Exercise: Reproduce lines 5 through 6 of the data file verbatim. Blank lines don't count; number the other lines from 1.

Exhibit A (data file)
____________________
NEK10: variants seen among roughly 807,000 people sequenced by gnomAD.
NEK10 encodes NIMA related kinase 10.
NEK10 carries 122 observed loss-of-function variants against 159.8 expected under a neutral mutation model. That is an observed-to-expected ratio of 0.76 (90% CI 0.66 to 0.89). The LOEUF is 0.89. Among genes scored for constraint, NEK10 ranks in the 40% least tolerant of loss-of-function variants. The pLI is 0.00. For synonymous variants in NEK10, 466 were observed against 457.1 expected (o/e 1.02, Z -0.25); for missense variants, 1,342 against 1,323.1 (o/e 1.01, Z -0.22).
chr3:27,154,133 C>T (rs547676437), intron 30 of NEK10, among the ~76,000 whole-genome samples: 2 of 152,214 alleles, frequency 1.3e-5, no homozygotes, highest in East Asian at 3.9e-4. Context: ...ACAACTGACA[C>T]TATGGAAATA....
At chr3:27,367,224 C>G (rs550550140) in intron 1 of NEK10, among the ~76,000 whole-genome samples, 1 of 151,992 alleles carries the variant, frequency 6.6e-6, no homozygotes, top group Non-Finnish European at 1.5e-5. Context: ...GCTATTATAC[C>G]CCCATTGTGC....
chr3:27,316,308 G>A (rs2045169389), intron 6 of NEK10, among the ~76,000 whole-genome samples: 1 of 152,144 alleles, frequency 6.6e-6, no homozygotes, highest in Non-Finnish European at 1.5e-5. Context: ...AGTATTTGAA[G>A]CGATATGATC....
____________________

At chr3:27,367,224 C>G (rs550550140) in intron 1 of NEK10, among the ~76,000 whole-genome samples, 1 of 151,992 alleles carries the variant, frequency 6.6e-6, no homozygotes, top group Non-Finnish European at 1.5e-5. Context: ...GCTATTATAC[C>G]CCCATTGTGC....
chr3:27,316,308 G>A (rs2045169389), intron 6 of NEK10, among the ~76,000 whole-genome samples: 1 of 152,144 alleles, frequency 6.6e-6, no homozygotes, highest in Non-Finnish European at 1.5e-5. Context: ...AGTATTTGAA[G>A]CGATATGATC....